and challenge the way we require food and air. Comfort alone will kill
us. (Chris Peterson, "Optimism and By-pass Surgery," in Learned Helplessness:
A Theory for the Age of Personal Control [New York: Oxford Univ. Press,
Need to be filled with God’s Spirit
Being filled with the Spirit of God
is the true mark of a Christian. Often we try to imitate the worship
of the first century by duplicating what they did. We try to practice what
they practiced, but merely going through the motions practicing what they
practiced may leave us empty of God’s Spirit.
Soren Kierkegaard said, "There are, in the
end, only two ways open to us: to honestly and honorably make an admission
of how far we are from the Christianity of the New Testament, or to perform
skillful tricks to conceal the true situation. (Soren Kierkegaard, "What
Madness," in Provocations: The Spiritual Writings of Kierkegaard
(Plough, 1999), p. 180)
There are two persons who want to fill
our hearts . . . Satan and the Holy Spirit. Peter said, "Ananias,
how is it that Satan has so filled your heart that you have
lied to the Holy Spirit and have kept for yourself some of the money you
received for the land?" (Acts 5:3 NIV) Ananias was seeking to substitute
a fleshly walk with God for a spiritual walk with God as he sought to lie
to the Holy Spirit.
Paul admonishes us to be filled with
15 Be very careful, then, how
you live-not as unwise but as wise, 16 making the most of every opportunity,
because the days are evil. 17 Therefore do not be foolish, but understand
what the Lord's will is. 18 Do not get drunk on wine, which leads to debauchery.
Instead, be filled with the Spirit. 19 Speak to one another
with psalms, hymns and spiritual songs. Sing and make music in your heart
to the Lord, 20 always giving thanks to God the Father for everything,
in the name of our Lord Jesus Christ. NIV
These verses have prompted our non-instrumental
worship as we emphasize the need to make a personal response to God as
we are filled with his Spirit. The command in these verses is to
be filled with the Spirit of God. The proper kind of worship is the kind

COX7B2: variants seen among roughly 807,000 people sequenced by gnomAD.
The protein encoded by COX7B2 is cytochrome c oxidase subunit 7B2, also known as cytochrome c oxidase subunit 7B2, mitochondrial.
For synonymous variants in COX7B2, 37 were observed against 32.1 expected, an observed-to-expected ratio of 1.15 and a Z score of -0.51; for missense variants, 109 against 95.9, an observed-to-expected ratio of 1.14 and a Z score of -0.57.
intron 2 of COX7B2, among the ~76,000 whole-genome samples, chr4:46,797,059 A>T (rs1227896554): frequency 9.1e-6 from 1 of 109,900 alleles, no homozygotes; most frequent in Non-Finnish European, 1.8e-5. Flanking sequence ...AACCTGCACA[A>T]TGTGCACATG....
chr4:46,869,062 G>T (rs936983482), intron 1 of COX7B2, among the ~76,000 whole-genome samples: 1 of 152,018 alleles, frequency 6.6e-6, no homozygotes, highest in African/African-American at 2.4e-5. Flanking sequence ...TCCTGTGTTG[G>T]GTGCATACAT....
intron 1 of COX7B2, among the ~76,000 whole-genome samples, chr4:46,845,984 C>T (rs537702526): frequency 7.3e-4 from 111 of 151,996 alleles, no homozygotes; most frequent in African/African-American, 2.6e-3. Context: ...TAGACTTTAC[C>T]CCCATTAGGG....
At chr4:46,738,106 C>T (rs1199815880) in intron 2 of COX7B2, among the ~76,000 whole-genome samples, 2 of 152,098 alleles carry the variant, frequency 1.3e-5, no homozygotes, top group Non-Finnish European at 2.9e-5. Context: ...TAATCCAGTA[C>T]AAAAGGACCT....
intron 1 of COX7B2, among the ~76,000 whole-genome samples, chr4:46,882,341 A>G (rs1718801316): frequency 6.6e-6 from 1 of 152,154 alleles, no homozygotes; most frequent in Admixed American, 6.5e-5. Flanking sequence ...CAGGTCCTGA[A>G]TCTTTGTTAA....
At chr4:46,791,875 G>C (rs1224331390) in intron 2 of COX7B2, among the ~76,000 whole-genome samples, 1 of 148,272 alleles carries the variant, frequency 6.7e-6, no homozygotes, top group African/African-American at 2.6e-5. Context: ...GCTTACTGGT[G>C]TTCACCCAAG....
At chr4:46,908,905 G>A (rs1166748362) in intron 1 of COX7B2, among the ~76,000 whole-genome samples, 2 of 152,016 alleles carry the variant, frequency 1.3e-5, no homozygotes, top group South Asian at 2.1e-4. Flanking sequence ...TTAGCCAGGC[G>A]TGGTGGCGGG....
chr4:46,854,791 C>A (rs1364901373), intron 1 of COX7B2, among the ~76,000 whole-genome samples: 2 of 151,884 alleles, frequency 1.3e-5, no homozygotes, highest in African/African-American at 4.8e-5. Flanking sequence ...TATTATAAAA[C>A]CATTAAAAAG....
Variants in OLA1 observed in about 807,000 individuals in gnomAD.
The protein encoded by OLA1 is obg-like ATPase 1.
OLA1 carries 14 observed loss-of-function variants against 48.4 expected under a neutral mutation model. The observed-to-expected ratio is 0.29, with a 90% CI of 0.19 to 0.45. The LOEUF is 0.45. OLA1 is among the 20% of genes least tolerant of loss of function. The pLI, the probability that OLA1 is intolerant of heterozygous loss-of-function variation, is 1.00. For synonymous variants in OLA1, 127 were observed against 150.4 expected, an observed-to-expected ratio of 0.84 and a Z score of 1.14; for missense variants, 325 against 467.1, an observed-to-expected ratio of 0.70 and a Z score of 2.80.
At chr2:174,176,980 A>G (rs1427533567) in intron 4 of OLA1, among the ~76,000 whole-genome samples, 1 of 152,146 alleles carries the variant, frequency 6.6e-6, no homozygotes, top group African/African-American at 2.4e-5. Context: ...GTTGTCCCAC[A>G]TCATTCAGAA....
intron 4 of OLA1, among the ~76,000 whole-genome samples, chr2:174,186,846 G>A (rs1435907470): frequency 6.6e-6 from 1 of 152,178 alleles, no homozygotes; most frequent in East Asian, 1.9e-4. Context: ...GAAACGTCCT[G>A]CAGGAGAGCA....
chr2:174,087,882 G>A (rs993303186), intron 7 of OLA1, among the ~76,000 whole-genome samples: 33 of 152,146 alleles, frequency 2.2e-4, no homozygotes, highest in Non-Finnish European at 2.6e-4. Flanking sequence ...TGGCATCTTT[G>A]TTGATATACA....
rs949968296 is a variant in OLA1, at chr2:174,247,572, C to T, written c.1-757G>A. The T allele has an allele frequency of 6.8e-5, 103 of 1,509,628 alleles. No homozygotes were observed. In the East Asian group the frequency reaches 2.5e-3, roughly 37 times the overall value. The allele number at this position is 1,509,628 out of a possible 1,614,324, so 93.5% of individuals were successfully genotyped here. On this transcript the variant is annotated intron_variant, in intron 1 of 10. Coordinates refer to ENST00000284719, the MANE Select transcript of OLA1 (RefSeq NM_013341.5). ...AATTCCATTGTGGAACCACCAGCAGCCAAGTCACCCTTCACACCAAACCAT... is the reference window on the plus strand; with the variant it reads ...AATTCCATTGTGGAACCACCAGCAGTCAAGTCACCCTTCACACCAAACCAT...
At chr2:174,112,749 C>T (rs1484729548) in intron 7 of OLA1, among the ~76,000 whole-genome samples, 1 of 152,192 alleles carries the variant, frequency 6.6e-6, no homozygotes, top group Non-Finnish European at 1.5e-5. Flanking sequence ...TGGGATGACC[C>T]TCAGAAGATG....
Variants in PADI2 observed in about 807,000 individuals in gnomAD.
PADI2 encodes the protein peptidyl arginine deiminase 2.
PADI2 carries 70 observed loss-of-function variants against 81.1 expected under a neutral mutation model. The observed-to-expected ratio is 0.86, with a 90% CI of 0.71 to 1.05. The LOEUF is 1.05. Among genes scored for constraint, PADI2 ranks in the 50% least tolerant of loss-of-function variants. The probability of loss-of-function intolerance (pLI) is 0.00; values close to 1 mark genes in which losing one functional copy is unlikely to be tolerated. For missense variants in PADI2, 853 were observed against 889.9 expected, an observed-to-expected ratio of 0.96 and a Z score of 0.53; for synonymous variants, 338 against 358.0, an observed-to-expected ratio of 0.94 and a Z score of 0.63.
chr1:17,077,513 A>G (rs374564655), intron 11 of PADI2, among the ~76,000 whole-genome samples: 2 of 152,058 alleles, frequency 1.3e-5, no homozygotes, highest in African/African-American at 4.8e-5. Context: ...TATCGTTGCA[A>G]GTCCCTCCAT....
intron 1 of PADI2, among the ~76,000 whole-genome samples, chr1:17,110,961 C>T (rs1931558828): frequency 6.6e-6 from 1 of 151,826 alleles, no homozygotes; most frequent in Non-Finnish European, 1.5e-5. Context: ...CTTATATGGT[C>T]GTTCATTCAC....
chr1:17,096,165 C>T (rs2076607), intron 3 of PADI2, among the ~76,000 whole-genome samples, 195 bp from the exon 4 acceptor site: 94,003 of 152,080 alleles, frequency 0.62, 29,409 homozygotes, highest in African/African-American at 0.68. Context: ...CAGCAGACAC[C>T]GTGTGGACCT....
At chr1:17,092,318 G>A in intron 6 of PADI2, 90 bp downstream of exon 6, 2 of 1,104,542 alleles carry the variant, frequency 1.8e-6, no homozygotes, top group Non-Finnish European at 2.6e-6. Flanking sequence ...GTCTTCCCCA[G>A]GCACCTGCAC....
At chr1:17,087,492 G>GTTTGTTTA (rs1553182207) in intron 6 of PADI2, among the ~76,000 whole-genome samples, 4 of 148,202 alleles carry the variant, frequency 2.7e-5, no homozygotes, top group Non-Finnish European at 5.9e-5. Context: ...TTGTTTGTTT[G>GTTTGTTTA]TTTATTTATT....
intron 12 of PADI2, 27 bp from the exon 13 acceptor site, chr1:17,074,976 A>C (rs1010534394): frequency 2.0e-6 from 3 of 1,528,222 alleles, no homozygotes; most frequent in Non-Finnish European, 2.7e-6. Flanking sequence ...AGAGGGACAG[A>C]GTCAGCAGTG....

where individuals are filled with the Spirit of God to the point where
their hearts burst out in praise to God. The emphasis in these verses is
on our individual role in worship, rather than how well others perform
When we are filled by the Spirit of
the living God it takes us beyond worship into a living relationship with
God that has a transforming effect upon us and others. When the
Grecian widows’ needs were being neglected, the apostles gathered the believers
in Jerusalem together and said, "It would not be right for us to
neglect the ministry of the word of God in order to wait on tables. Brothers,
choose seven men from among you who are known to
be full of the Spirit and wisdom. We will turn this responsibility
over to them and will give our attention to prayer and the ministry of
the word" (Acts 6:2-4 NIV)
It is obvious that the first century church
grew as Spirit filled disciples were appointed to carry out the work. I
believe that it is the enabling power of the Spirit of God that fills the
Christian as it brings her/his life to fruition.
There is a great contrast between the
work of Spirit and the works of the flesh. Although it may not
always be easy to distinguish the spiritual walk from the fleshly walk.
There are times when both may appear vastly different.
16 So I say, live by the Spirit,
and you will not gratify the desires of the sinful nature. 17 For the sinful
nature desires what is contrary to the Spirit, and the Spirit what is contrary